What’s next? The answer to the question on so many high school graduates’ minds isn’t as obvious as it once was. While moving forward with a 4-year degree has been the common trajectory for so many, it isn’t right for everyone. Let’s weigh the pros and cons of choosing travel over a college degree.
Job Friendly Skills and Experience
Only 37% of today’s jobs require an associate degree for employment, according to the Bureau of Labor Statistics. While certain career paths do require further education after high school, many do not. Traveling and the experience of living in another culture imparts valuable skills like flexibility, language acquisition and time management. Long-term travelers may even choose to work abroad accumulating on-the-job training that might not be available to them otherwise.
Comparing Tuition and Travel Expenses
The cost of continued education after high school is a convincing reason to think twice before registering for classes. Tuition cost has increased by 10% in the last 10 years, and not all degrees will pay off in the long run when compared to their expense. According to the New York Times, 25% of college graduates aren’t making any more than their peers with high school diplomas.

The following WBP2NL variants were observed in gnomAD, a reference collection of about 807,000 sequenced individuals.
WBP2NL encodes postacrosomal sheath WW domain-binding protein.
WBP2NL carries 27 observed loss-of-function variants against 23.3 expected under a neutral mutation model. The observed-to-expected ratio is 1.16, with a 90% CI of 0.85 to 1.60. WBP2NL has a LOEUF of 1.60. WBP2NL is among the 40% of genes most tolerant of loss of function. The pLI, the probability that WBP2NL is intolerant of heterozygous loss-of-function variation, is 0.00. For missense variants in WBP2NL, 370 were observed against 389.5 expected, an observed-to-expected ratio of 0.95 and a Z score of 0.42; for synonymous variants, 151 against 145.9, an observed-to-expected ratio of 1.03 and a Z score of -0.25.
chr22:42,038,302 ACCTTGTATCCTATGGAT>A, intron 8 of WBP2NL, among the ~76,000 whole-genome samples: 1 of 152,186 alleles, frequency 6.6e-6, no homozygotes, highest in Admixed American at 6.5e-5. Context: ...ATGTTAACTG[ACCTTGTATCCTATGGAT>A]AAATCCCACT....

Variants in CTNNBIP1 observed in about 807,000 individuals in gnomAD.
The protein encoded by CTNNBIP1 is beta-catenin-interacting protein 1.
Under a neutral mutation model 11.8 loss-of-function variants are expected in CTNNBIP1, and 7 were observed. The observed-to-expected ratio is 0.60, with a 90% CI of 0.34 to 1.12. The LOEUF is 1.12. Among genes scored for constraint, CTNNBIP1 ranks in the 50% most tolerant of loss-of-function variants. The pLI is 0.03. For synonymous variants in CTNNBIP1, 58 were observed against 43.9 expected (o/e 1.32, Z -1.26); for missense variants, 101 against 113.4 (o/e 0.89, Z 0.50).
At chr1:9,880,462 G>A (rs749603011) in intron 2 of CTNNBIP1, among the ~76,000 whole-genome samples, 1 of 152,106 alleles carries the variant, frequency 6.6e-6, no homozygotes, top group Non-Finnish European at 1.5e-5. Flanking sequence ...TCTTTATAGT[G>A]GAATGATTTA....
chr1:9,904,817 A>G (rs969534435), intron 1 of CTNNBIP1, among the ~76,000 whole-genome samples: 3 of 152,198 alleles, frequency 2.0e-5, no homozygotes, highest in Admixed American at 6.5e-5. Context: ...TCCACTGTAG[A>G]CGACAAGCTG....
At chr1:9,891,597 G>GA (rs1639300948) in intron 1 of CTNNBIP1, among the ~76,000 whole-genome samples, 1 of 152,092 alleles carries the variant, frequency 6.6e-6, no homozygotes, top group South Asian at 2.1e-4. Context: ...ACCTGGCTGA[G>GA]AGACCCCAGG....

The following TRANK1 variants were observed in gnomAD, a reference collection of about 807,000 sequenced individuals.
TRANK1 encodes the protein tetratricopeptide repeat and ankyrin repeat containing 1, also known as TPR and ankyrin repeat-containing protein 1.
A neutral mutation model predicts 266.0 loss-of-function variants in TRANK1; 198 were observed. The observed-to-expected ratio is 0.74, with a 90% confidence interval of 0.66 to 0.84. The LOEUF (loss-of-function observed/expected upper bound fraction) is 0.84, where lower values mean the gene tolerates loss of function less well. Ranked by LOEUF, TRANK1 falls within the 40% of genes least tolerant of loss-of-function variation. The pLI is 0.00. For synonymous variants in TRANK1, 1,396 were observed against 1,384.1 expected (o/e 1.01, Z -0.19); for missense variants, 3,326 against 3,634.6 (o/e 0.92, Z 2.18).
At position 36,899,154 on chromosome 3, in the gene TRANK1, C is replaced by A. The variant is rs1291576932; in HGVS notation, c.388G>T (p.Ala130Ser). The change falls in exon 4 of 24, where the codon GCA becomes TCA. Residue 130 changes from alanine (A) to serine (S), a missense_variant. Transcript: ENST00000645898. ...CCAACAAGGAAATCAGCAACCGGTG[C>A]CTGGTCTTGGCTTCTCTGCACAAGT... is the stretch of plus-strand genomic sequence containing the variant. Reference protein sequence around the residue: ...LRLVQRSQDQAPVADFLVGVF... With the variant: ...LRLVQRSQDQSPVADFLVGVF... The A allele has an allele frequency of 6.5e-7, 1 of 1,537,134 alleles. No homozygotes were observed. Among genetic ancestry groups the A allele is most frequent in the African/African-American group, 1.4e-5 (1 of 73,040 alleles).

Coupling this with an average $29,800 in student loan debt for the most recent graduating class makes choosing to use cash toward a year abroad might be more financially plausible for some students — and one that avoids debt. Although travel is generally viewed as a frivolous expense, it isn’t difficult to find budget-friendly options. By staying in student hostels instead of hotels, flying standby and working abroad, international travel can become an affordable endeavor.
Travel can provide opportunities to make new connections. Individuals working abroad can get a foot in the door at jobs that might not be available on their home turf. Additionally, student hostels are a great way to network with like-minded individuals who may be searching for a less traditional approach to post-high school living — connections that can give each other a leg up later on.
The benefits of a second (or third) language should not be underestimated. Many companies value language as it indicates a willingness to learn and a greater understanding of the world. Even without stepping into translators roles, simply knowing additional languages can often be enough to seal the deal on a job offer.
There is no one-size-fits-all approach to life after high school. Both college and travel can provide skills for success. Deciding between the two is truly a matter of knowing yourself and being honest about your hopes for the future.